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New York (AFP) Nov 9, 2012
New York City began its first day of fuel rationing Friday but there was relief for tens of thousands of people who got back electricity disrupted during superstorm Sandy.
Rationing was ordered in response to massive lines at gas stations, with cars carrying odd numbered license plates allowed to fill up on odd-numbered dates and even plates on even days.
Mayor Michael Bloomberg acknowledged in a radio interview that he didn't know if the scheme, already in place in New Jersey, would bring relief.
"There's no guarantee that odd/even is going to make a big difference. It's certainly not going to make for more gas," Bloomberg said. "In New Jersey, there is some evidence that the lines were shorter."
The US Department of Energy said that electricity outages were being steadily reduced, although power companies say that some neighborhoods will remain in the dark for many days to come because flood damage was so severe.
According to the latest figures, 434,140 homes and businesses remained without power across the region, down from 761,418 late Thursday and about 60,000 less than earlier Friday.
In New York State alone, the number was 201,865, or three percent of the total number of customers in the state. That was down from 343,211 customers on Thursday.
The Energy Department said that 28 percent of gas stations in the New York area still did not have fuel, but that this was down from 38 percent two days ago.
There was another glimmer of light for New York's transport system, with officials announcing the partial reopening of subway service to the Rockaways neighborhood on Sunday, as well as a temporary ferry service to the area, which was particularly hard hit during the storm.
Bloomberg, meanwhile, told a press conference that efforts to get people back into damaged homes were accelerating.
Public housing buildings that lost power during Sandy will nearly all "have the lights back on tonight or tomorrow. And by the middle of next week, all but a handful should also have heat and hot water," he said.
However, in isolated, tight-knit Rockaways, 40,000 homes and businesses were still in the dark.
President Barack Obama said he would visit New York on Thursday.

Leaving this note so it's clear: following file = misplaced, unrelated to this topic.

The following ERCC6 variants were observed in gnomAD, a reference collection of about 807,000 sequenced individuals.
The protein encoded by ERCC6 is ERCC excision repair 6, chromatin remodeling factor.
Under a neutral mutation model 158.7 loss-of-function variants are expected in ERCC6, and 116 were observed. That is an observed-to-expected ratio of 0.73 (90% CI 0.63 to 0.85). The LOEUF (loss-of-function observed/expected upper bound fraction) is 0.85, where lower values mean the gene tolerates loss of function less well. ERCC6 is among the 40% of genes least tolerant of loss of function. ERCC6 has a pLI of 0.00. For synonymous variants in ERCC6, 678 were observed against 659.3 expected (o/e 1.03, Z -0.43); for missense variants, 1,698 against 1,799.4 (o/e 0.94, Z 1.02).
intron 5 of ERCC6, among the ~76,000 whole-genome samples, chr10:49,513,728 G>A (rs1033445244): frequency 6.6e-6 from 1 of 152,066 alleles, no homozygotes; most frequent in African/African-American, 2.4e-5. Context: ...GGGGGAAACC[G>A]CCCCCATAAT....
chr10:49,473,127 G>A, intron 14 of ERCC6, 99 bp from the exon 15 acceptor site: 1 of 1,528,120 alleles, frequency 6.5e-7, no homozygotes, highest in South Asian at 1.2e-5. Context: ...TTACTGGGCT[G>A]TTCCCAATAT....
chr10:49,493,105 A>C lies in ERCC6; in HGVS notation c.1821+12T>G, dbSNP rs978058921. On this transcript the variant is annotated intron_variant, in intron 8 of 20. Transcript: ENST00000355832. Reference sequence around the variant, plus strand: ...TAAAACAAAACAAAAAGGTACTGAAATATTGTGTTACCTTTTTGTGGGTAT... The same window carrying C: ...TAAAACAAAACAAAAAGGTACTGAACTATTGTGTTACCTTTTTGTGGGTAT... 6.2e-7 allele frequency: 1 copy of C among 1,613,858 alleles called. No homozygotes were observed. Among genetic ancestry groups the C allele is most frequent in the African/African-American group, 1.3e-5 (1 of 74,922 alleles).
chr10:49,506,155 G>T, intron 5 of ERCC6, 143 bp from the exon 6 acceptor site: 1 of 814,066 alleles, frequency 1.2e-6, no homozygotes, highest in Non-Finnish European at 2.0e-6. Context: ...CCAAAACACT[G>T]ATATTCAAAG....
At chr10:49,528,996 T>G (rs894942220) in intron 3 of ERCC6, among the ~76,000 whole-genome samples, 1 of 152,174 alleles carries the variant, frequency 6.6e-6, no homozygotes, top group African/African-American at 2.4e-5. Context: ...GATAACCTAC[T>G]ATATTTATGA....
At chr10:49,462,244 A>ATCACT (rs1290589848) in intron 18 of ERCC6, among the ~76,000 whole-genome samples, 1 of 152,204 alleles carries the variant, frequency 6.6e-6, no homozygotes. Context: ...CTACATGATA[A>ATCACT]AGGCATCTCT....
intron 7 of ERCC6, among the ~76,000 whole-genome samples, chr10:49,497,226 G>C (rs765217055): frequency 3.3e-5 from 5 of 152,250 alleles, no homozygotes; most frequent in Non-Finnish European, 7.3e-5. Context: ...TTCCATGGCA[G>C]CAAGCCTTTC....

Sandy makes fuel the hot commodity in New York
The superstorm hit the New York area back on October 29, and just figuring out what happened has been part of the challenge to getting the flow of fuel -- now rationed in both New Jersey and New York -- back to normal.
A week and a half after the storm, 28 percent of gas stations in the New York metro area were still without supplies and those that were functioning had long lines of customers.
Initially, the shutting down of petrol stations was blamed on power cuts which meant the pumps used by motorists couldn't work, but the problem quickly turned out to be far deeper and more difficult to address.
"Last week's storm hit the fuel network hard and knocked out critical infrastructure needed to distribute gasoline," Mayor Michael Bloomberg said as he announced Friday's rationing scheme.
"Even as the region's petroleum infrastructure slowly returns to normal, the gasoline supply remains a real problem."
An example of the infrastructure problems is that "gasoline terminals, places where the deliveries trucks come everyday to fill up with gas and take gas up to gas stations, are shut down," said Michael Green, at the American Automobile Association.
"As a result it is very difficult for the gas stations to receive new shipments of gasoline," he said.
Seven terminals remained closed on Friday across New York and New Jersey, the Department of Energy said. That creates a "bottleneck," Green said.
At the same time, two refineries in New Jersey that usually churn out 308,000 barrels of gasoline a day were still out of order due to flooding and electric outages.
As a consequence, east coast refineries that operated at 81% capacity before Sandy are now down to 58.5% capacity, and "those numbers reflect, quantify the severity of the problem," said Gregg Laskoski, analyst at GasBuddy.com, which follows gas prices.
Further downstream, electricity cuts also temporarily disrupted pipelines bringing refined products from the Gulf of Mexico to New Jersey terminals.
"Some of the pipelines lost power during the storm. As a result they were unable to pump gas and other petroleum products through the pipelines," Green said.
The storm also prompted a suspension lasting several days of petroleum imports from Europe to New York, since ships were unable to unload their cargo, analyst Robert Yawger at Mizuho Securities said.
And "you cant just make up for everything in one day," he added.
New York Mayor Michael Bloomberg said in a radio interview Friday he didn't know if the rationing scheme, already in place in New Jersey, would bring relief.
"There's no guarantee that odd/even is going to make a big difference. It's certainly not going to make for more gas," Bloomberg said. "In New Jersey there is some evidence that the lines were shorter."
However, the energy department said that the number of stations without gas was slowly decreasing, down from 38 percent two days ago.
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